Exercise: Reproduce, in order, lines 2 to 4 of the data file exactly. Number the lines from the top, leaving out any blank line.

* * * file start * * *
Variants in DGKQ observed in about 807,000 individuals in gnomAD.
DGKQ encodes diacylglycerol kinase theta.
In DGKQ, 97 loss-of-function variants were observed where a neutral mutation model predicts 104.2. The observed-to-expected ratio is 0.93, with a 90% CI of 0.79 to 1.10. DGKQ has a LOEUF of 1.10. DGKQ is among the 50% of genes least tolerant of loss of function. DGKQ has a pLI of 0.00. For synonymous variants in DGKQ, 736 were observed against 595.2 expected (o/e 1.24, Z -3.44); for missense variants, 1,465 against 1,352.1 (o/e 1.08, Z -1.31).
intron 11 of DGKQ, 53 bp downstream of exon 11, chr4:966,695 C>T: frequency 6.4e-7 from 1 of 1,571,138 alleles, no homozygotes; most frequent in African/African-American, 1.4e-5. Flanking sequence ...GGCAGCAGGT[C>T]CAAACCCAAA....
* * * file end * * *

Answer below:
DGKQ encodes diacylglycerol kinase theta.
In DGKQ, 97 loss-of-function variants were observed where a neutral mutation model predicts 104.2. The observed-to-expected ratio is 0.93, with a 90% CI of 0.79 to 1.10. DGKQ has a LOEUF of 1.10. DGKQ is among the 50% of genes least tolerant of loss of function. DGKQ has a pLI of 0.00. For synonymous variants in DGKQ, 736 were observed against 595.2 expected (o/e 1.24, Z -3.44); for missense variants, 1,465 against 1,352.1 (o/e 1.08, Z -1.31).
intron 11 of DGKQ, 53 bp downstream of exon 11, chr4:966,695 C>T: frequency 6.4e-7 from 1 of 1,571,138 alleles, no homozygotes; most frequent in African/African-American, 1.4e-5. Flanking sequence ...GGCAGCAGGT[C>T]CAAACCCAAA....